submerged cathedralI really love Charlotte Wood’s writing and this The Submerged Cathedral had me from the first page. It’s a love story but it’s also an ode to a sense of place. To home, where ever that may be. And to faith, religious faith and faith in other people. The leap of trust that faith requires.

It is 1963 and Jocelyn lives alone in her parents old house in a NSW country town. Fiercely independent, and a bit of a loner, her work from home is painstakingly proofreading The Complete Illustrated Encyclopaedia of Australia. The town’s new locum doctor, Martin, knocks on her door one afternoon and presents her with a fish.

“But now she is standing there and he knows he is only some stranger on the doorstep, yammering and gaping with the open mouth of the uncertain, the mad.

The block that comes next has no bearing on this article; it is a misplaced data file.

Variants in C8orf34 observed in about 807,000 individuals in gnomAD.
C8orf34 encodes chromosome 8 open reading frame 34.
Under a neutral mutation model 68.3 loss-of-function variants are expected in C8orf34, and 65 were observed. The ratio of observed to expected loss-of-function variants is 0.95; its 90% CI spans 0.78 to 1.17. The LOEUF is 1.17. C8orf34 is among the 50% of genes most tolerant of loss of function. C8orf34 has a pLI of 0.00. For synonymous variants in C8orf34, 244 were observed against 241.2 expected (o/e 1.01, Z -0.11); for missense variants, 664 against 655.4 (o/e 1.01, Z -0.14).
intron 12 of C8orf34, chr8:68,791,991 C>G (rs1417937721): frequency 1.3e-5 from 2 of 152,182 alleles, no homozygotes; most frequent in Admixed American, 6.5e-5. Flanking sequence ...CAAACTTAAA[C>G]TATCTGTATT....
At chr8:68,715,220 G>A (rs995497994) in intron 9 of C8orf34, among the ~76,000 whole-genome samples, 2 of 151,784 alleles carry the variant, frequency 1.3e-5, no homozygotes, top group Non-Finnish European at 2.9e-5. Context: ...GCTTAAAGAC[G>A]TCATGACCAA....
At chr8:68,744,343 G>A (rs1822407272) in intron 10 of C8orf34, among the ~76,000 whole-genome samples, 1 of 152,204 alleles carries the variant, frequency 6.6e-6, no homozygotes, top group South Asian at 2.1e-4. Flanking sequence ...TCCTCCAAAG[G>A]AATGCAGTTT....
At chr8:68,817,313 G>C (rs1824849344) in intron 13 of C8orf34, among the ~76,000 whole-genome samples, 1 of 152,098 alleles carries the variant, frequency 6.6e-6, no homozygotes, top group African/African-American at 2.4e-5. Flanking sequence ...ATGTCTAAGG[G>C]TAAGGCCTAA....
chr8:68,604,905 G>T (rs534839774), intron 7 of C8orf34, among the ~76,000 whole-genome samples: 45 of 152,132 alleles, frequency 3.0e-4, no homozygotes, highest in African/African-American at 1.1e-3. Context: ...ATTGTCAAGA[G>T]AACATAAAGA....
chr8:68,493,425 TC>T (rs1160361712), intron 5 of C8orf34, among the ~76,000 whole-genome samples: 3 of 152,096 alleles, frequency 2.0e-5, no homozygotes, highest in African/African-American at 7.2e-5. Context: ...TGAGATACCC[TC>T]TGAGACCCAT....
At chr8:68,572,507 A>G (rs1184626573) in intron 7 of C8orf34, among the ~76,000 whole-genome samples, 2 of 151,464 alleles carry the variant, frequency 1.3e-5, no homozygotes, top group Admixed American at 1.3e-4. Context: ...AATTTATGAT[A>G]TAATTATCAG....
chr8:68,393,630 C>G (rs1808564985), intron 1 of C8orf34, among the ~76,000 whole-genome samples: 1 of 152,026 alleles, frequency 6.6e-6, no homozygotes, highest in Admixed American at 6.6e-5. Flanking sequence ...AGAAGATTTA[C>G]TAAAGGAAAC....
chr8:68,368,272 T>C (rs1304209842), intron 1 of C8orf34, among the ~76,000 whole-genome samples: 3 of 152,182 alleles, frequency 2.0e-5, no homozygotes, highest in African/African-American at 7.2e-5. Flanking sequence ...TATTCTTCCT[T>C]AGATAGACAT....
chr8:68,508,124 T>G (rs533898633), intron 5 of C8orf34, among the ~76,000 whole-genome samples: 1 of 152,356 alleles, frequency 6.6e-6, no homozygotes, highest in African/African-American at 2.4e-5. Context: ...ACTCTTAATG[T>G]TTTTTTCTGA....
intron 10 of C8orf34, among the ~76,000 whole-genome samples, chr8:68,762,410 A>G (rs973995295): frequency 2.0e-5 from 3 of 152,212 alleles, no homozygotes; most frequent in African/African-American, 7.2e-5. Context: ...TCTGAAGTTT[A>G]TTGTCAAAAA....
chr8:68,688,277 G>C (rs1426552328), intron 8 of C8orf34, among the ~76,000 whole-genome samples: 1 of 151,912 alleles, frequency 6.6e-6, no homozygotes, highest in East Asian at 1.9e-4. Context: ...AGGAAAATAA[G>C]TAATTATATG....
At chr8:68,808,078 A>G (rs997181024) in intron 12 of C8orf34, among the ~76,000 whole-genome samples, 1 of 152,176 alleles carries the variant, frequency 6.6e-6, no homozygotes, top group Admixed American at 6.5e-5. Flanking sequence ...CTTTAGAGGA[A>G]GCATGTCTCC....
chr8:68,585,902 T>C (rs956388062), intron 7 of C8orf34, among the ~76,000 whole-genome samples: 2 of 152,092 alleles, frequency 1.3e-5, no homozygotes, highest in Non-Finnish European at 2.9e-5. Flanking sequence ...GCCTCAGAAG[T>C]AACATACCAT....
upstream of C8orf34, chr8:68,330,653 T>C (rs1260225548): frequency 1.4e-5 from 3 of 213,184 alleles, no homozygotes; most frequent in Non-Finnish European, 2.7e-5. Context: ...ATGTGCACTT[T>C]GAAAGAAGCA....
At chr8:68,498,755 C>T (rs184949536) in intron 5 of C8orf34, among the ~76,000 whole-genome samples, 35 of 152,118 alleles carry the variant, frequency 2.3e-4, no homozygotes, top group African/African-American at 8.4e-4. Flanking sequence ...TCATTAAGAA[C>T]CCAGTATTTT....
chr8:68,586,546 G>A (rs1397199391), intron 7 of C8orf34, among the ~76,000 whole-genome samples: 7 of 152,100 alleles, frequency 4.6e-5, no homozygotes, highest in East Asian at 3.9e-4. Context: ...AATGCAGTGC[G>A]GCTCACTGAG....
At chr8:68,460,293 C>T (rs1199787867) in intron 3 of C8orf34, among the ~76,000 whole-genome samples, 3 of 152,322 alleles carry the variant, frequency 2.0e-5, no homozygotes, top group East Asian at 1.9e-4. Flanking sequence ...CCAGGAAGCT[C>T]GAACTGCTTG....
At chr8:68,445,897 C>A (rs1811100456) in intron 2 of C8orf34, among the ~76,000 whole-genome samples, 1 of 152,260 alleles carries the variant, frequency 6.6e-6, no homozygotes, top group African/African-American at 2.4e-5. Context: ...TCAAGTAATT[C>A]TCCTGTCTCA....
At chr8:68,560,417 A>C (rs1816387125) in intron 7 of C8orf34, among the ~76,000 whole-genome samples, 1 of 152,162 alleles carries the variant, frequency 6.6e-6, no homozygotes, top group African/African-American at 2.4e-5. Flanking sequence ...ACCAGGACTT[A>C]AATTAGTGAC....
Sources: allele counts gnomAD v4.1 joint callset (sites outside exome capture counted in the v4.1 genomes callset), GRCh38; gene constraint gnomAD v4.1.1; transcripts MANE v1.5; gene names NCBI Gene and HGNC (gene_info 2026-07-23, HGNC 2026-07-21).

He holds out to her the newspaper and this shining platinum flower from the sea.
And all he knows is Please take this fish from my hands. His heart in spasm: please keep standing there, hand on doorframe and dripping hair and green dress casting its light on your skin, please open your hands for this simple offered thing.”

Wood’s novel makes pretenses of being a simple one but as events unfold Jocelyn’s life, and the plot, become ever more crowded with family, desires and conflicting priorities. She doesn’t want to be married, she doesn’t want to be at home, her relationship with Martin takes on a carefree ease when grounded in the natural environment but is constantly at odds with social mores. Her relationship with her sister is no less fraught and bound to duty. In both relationships there is the weight of obligation. Martin allows her to transcend that weight, or ignore it for a time, until events intervene. Then all characters take on even greater, more extreme forms of obligation and willingly accept their own isolation. This is getting weird because I’m trying really hard to avoid spoilers. And therein lies the problem.